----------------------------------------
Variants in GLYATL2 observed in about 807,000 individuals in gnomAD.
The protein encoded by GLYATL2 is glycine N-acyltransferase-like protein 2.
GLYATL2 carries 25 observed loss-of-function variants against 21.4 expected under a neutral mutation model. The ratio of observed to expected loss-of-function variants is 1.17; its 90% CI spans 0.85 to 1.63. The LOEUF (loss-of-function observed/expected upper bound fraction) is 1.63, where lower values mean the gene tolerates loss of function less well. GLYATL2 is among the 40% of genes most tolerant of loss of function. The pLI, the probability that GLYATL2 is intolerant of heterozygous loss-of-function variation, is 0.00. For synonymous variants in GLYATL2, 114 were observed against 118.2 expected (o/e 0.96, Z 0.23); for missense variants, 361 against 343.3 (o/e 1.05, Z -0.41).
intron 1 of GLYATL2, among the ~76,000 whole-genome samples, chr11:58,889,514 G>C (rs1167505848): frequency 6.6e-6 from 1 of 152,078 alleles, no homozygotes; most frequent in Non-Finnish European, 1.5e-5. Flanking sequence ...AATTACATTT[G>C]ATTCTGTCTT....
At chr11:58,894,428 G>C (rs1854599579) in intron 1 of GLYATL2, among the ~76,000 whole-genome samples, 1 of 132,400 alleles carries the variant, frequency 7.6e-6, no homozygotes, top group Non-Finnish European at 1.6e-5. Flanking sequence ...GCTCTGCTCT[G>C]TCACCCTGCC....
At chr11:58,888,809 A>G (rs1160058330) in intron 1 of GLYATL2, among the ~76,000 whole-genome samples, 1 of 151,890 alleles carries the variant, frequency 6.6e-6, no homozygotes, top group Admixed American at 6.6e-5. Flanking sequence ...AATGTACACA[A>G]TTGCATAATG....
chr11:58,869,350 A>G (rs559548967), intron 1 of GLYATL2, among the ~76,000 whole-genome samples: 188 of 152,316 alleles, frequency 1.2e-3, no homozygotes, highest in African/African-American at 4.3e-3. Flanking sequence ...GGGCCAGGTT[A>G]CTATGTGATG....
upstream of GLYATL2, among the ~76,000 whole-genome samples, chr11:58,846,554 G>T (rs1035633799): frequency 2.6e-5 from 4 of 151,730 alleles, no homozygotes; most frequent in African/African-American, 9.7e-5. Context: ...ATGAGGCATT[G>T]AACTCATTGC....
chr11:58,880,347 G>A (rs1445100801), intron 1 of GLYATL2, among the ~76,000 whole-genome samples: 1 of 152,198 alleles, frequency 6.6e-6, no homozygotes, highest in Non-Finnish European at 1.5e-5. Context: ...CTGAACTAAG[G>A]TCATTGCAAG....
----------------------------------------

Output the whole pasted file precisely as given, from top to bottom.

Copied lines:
Variants in GLYATL2 observed in about 807,000 individuals in gnomAD.
The protein encoded by GLYATL2 is glycine N-acyltransferase-like protein 2.
GLYATL2 carries 25 observed loss-of-function variants against 21.4 expected under a neutral mutation model. The ratio of observed to expected loss-of-function variants is 1.17; its 90% CI spans 0.85 to 1.63. The LOEUF (loss-of-function observed/expected upper bound fraction) is 1.63, where lower values mean the gene tolerates loss of function less well. GLYATL2 is among the 40% of genes most tolerant of loss of function. The pLI, the probability that GLYATL2 is intolerant of heterozygous loss-of-function variation, is 0.00. For synonymous variants in GLYATL2, 114 were observed against 118.2 expected (o/e 0.96, Z 0.23); for missense variants, 361 against 343.3 (o/e 1.05, Z -0.41).
intron 1 of GLYATL2, among the ~76,000 whole-genome samples, chr11:58,889,514 G>C (rs1167505848): frequency 6.6e-6 from 1 of 152,078 alleles, no homozygotes; most frequent in Non-Finnish European, 1.5e-5. Flanking sequence ...AATTACATTT[G>C]ATTCTGTCTT....
At chr11:58,894,428 G>C (rs1854599579) in intron 1 of GLYATL2, among the ~76,000 whole-genome samples, 1 of 132,400 alleles carries the variant, frequency 7.6e-6, no homozygotes, top group Non-Finnish European at 1.6e-5. Flanking sequence ...GCTCTGCTCT[G>C]TCACCCTGCC....
At chr11:58,888,809 A>G (rs1160058330) in intron 1 of GLYATL2, among the ~76,000 whole-genome samples, 1 of 151,890 alleles carries the variant, frequency 6.6e-6, no homozygotes, top group Admixed American at 6.6e-5. Flanking sequence ...AATGTACACA[A>G]TTGCATAATG....
chr11:58,869,350 A>G (rs559548967), intron 1 of GLYATL2, among the ~76,000 whole-genome samples: 188 of 152,316 alleles, frequency 1.2e-3, no homozygotes, highest in African/African-American at 4.3e-3. Flanking sequence ...GGGCCAGGTT[A>G]CTATGTGATG....
upstream of GLYATL2, among the ~76,000 whole-genome samples, chr11:58,846,554 G>T (rs1035633799): frequency 2.6e-5 from 4 of 151,730 alleles, no homozygotes; most frequent in African/African-American, 9.7e-5. Context: ...ATGAGGCATT[G>T]AACTCATTGC....
chr11:58,880,347 G>A (rs1445100801), intron 1 of GLYATL2, among the ~76,000 whole-genome samples: 1 of 152,198 alleles, frequency 6.6e-6, no homozygotes, highest in Non-Finnish European at 1.5e-5. Context: ...CTGAACTAAG[G>A]TCATTGCAAG....